3.0 Ah Hell (Continuous Fire), Part I

by Matt P.



Walter hit the ground with Doctor Winters underneath him just as the shot flew where her head would have been. Each of the others—Alexander, Andre, and Leah—had gone to the body and come back to stand next to the doctor. So they had all been facing away from the darkest corners of the room. Not standard procedure, but a killer that somehow leaves a boatload of cicadas behind throws everyone off. But they had all been facing him.

And so they hadn’t seen the man up in the rafters with a rifle. Walter had barely seen it except for the faintest glint of light off of a scope, and his body had moved without thinking. His fellow policemen had been drawing down on him first out of instinct, but almost as one turned their heads and raised their pistols to fire at the rafters.

Walter stayed on top of the doctor, raising his pistol up to try to track the gunman. He expected to see a corpse falling to the floor, but instead he saw the shooter…jumping. From rafter to rafter he flung himself with the grace of a dancer. His feet always found an even landing even after a leap that, when Walter’s hind-brain was forced to consider it, had been impossibly long. With wood chips exploding all around him and a few shots that Walter swore must have hit him he continued his leaping waltz to the back window, and threw himself at it. Walter raised his pistol and fired off one shot, finally at a good angle, and was sure that his bullet should have hit home. But he saw the man turn and look back before he disappeared out of the window and in to the alley behind.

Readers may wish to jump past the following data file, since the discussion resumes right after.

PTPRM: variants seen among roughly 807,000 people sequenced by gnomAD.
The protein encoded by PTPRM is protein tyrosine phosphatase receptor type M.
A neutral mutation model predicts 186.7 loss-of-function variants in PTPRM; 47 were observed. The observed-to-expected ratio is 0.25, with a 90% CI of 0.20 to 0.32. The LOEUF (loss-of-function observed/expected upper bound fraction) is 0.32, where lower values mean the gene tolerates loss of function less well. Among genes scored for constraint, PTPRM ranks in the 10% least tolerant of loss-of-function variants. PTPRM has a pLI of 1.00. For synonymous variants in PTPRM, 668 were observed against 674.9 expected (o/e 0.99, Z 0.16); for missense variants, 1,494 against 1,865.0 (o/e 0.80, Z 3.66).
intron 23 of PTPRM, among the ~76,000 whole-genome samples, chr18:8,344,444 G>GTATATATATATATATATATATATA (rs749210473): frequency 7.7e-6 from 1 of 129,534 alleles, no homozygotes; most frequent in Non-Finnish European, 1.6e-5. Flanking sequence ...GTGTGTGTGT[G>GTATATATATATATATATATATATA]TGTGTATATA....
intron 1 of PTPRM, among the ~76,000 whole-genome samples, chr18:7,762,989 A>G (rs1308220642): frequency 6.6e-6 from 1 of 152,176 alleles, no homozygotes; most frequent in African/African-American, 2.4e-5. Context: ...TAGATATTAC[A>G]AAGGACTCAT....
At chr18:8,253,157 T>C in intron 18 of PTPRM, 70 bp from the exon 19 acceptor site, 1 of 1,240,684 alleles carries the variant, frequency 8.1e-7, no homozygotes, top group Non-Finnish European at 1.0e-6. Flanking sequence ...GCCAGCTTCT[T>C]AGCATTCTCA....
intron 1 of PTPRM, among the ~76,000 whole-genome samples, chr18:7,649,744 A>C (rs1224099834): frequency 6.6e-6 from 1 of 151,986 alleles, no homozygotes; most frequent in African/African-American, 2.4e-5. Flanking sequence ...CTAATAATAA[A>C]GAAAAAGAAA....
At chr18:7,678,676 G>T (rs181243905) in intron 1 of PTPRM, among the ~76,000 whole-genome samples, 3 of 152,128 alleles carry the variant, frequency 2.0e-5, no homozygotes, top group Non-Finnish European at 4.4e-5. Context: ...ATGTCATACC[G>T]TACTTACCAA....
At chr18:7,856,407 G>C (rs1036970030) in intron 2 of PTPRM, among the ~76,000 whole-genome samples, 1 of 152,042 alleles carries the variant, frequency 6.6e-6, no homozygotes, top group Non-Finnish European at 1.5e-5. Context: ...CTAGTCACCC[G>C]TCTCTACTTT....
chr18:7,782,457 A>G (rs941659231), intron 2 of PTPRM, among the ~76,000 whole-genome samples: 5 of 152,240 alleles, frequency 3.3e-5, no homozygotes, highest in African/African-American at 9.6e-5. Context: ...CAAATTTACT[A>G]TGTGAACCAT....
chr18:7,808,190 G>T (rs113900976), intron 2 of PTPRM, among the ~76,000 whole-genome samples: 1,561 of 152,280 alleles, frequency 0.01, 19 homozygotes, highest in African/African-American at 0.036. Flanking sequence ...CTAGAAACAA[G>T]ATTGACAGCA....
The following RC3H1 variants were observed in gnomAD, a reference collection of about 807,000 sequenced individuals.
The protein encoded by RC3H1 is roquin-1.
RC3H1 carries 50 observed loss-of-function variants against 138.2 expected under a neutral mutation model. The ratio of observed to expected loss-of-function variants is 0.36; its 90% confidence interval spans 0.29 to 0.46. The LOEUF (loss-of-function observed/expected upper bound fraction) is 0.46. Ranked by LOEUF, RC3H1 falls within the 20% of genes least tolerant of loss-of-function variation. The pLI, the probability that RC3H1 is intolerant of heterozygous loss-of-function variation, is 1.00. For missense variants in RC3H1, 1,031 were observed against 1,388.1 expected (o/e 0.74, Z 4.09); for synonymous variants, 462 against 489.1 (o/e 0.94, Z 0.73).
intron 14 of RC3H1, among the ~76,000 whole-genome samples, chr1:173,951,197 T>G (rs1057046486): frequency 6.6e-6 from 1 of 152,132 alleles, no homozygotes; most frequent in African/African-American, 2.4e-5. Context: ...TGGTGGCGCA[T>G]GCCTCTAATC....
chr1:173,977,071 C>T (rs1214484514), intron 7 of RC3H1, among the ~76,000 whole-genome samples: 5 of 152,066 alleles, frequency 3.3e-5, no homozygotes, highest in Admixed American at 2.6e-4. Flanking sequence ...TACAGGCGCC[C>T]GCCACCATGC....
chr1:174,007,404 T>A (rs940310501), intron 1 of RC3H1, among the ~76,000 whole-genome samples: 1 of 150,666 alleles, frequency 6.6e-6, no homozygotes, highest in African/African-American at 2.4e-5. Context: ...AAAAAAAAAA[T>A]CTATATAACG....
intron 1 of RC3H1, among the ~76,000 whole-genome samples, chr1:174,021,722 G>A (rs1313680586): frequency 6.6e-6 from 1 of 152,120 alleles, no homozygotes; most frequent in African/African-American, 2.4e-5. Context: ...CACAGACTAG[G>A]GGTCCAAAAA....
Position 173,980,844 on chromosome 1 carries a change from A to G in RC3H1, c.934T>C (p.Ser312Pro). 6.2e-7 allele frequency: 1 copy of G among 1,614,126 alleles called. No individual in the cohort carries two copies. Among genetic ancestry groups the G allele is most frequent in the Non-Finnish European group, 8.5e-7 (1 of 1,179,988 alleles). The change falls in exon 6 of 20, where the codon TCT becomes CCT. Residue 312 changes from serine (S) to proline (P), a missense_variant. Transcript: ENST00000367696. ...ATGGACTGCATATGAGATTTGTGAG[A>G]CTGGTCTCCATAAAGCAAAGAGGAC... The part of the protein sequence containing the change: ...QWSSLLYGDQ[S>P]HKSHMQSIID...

Andre and Leah ran toward the back door and Andre threw his shoulder into it, sending it exploding outward in a shower of splinters and rotted wood. But when they paused there, guns out, there was apparently no sight of him. They checked out and around the building before reporting back over the radio that the shooter had, apparently, disappeared.

Walter slowly brought himself up and held out a hand to the doctor, who accepted it with a grateful and appraising nod. “I apparently owe you my life, Mr. Richards.” She looked a bit uncomfortable at that, remote and withdrawn for a moment before she nodded. “I won’t forget it.”

Still a bit shaky with the excitement, Walter gave a half-grin. “I never get to say this. Just doing my job, ma’am.” He offered, drawing a genuine laugh and a warm smile from the woman. They both turned to look at Alexander, who shook his head. “I’ve never heard of someone coming back to a Three Stripes scene like this?” Walter made it a question.

Alexander shook his head. “Congratulations, Deputy Richards. Two years into these killings with nothing new at any of them. You show up at one, and we get something.”